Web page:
Join Us: Teacher Data Literacy Week 2021

Join Us: Teacher Data Literacy Week 2021

Last year, I opened Teacher Data Literacy Week with commentary on the pandemic and the uncertainty of schooling across the country. We were reeling from the new situations we found ourselves in and unsure when the global health crisis would end. In many ways, we still are.

What we discussed during Teacher Data Literacy Week last year holds true for this year. Data is key to helping students and educators navigate the remainder of this pandemic and begin to recover. And without the time and training to become data literate, teachers are unable to use effectively data to support students. Leaders can and should prioritize teacher data literacy to ensure that teachers have the skills and training they need.

The difference is that we know more now. We know that teachers and students across the country have adapted and learned from their virtual schoolwork. We know that teachers like Caylah Green, who we’ll hear from on the DQC blog tomorrow, have new appreciation for being given time and school-wide tools to analyze data with their peers.

In DQC’s 2020 annual poll of teachers, we found that teachers want data to understand the impact of remote learning and training to use it effectively. Eighty-nine percent of teachers agreed that they want data about which of their students are furthest behind so that they can provide targeted interventions to get their students back on track for success. Teachers have always valued data and data literacy, understanding that it supplements the in-classroom experiences they have with their students. And as teachers transitioned online, data became even more important to understanding student progress.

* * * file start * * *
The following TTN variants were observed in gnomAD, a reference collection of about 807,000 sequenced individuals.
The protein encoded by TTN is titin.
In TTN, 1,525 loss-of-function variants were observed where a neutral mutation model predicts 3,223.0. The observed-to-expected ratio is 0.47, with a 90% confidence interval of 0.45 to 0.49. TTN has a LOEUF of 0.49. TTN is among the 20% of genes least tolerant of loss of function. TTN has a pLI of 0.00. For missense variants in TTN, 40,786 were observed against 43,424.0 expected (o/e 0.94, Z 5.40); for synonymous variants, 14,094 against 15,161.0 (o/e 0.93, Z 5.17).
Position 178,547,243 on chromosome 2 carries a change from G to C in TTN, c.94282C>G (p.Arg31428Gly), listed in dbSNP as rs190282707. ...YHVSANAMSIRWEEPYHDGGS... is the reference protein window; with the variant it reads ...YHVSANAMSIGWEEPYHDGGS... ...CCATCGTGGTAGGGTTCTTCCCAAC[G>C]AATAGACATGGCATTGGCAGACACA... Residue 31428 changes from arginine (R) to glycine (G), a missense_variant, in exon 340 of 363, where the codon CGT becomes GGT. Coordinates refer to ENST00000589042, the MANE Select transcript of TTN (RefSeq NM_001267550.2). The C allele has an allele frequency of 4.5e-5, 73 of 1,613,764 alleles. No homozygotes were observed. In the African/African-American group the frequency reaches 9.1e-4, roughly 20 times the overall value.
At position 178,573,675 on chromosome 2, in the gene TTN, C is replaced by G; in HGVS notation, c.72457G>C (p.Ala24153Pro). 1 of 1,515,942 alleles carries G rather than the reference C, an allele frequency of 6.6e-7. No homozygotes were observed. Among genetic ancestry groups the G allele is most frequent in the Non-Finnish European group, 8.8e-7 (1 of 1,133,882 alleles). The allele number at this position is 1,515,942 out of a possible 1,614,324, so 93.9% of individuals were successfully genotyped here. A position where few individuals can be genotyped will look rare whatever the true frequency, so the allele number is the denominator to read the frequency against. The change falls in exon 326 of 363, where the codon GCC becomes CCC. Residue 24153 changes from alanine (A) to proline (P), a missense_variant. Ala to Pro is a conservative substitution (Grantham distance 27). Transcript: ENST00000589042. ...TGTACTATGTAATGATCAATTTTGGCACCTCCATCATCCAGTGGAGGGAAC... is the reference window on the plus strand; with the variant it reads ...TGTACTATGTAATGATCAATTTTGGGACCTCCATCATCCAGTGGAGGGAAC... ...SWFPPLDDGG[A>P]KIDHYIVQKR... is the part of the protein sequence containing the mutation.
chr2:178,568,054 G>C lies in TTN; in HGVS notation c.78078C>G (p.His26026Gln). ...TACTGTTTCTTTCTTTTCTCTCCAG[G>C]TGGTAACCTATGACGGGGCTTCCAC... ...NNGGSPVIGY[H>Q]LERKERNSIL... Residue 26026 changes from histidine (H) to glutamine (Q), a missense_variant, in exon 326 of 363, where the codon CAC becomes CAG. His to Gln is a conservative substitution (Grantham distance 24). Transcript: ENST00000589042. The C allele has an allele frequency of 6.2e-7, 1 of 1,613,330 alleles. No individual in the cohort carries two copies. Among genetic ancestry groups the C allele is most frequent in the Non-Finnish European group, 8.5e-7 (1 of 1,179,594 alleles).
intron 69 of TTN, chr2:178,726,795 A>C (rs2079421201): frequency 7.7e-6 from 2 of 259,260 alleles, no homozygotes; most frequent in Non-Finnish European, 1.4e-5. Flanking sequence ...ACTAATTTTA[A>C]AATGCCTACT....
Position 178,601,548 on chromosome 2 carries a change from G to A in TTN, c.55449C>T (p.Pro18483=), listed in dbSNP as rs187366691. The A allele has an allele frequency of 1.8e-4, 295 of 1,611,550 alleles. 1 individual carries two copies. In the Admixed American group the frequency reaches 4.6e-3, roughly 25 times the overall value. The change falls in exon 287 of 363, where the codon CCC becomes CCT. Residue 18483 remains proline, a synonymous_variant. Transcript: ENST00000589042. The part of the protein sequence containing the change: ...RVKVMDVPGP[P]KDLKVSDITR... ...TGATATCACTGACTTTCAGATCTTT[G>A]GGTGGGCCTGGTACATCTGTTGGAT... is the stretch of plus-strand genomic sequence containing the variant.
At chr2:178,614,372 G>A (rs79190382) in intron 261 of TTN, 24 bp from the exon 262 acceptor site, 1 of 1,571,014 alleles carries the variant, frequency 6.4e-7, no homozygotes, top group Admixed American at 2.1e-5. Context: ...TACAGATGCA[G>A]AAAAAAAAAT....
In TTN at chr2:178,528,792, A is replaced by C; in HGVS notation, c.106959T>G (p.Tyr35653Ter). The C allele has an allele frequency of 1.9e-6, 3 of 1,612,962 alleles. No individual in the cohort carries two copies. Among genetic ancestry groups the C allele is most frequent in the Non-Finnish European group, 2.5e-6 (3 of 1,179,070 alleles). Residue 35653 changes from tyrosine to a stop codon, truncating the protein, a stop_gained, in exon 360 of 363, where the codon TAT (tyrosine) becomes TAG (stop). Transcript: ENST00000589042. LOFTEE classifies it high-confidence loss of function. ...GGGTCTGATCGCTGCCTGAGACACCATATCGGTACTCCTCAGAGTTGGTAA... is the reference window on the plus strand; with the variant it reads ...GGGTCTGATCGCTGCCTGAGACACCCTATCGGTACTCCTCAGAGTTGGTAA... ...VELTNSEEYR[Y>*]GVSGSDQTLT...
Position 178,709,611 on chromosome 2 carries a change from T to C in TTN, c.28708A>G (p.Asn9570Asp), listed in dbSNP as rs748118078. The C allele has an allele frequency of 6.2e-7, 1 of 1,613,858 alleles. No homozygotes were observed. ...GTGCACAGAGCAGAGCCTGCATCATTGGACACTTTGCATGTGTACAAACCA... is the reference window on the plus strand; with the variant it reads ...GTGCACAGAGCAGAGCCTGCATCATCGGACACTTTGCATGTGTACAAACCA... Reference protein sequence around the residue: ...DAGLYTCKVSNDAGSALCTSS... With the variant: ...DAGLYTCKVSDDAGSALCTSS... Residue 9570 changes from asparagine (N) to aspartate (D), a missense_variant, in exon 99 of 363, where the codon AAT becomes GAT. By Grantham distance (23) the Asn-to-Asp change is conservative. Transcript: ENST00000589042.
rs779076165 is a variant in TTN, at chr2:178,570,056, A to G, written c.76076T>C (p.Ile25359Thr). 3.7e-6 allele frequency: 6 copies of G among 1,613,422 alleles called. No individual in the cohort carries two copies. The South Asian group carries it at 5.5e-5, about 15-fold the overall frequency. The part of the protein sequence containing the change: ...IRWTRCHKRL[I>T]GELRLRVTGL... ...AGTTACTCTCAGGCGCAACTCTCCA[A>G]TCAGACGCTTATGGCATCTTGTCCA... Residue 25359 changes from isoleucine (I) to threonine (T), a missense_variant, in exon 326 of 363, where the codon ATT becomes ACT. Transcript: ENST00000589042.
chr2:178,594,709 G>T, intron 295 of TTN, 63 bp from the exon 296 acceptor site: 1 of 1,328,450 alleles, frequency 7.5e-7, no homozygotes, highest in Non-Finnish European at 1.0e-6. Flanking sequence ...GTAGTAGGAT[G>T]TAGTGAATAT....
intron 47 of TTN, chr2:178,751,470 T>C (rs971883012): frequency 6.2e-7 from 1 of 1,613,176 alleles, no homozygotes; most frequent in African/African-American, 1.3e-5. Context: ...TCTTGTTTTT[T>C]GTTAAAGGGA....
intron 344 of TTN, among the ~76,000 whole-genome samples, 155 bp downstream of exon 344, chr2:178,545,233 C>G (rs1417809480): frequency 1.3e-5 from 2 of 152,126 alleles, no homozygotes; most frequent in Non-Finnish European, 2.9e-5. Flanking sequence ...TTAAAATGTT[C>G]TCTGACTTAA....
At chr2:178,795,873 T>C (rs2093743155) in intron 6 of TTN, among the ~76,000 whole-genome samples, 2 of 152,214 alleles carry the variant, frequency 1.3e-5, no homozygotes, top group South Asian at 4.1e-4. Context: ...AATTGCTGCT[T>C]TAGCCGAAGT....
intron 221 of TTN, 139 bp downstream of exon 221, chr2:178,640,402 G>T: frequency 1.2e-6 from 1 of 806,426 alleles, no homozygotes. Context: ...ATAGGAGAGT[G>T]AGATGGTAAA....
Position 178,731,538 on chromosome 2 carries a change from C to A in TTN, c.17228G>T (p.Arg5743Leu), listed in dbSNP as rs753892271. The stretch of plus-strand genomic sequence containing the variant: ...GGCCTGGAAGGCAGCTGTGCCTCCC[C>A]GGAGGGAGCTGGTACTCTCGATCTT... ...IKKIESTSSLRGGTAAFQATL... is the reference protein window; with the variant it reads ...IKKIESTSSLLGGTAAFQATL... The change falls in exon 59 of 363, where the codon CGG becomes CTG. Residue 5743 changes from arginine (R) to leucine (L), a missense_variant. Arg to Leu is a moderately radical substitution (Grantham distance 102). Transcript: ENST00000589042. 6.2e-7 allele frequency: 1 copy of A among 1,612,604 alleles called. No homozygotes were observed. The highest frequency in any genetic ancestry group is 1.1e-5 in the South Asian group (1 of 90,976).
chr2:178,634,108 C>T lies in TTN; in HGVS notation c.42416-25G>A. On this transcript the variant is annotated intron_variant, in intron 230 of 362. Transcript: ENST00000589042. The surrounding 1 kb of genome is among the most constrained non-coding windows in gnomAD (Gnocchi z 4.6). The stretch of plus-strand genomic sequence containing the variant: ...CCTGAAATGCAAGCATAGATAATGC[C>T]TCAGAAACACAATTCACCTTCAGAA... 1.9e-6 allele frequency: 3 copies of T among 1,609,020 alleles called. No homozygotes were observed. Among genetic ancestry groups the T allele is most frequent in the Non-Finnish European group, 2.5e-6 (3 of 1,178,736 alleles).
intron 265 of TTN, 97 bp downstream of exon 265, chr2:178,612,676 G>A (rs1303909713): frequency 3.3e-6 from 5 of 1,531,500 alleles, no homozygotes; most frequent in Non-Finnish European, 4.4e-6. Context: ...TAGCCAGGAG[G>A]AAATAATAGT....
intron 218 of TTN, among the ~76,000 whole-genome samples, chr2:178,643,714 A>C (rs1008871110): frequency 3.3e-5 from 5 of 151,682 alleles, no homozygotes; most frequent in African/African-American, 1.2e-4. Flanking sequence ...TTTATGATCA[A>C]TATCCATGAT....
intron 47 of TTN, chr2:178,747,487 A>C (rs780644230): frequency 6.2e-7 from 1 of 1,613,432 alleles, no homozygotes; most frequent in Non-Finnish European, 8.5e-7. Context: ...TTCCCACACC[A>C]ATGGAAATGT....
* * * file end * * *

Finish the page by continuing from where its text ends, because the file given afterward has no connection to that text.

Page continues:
2021 is the third year that DQC has hosted Teacher Data Literacy Week – and we hope you’ll join us for this year’s conversation. We’ll be digging into the impact of the pandemic on how educators used data this past year and importantly, what worked. We want to know what educators have learned and how that will impact their data use in the future. We can’t wait to hear what you think.

This blog post is the first in a two-part series as part of DQC’s Teacher Data Literacy Week 2021. Stay tuned for our upcoming blog post sharing a teacher’s perspective on time and tools for teacher data literacy. And don’t forget to join the conversation on social media throughout the week using #TDLMatters.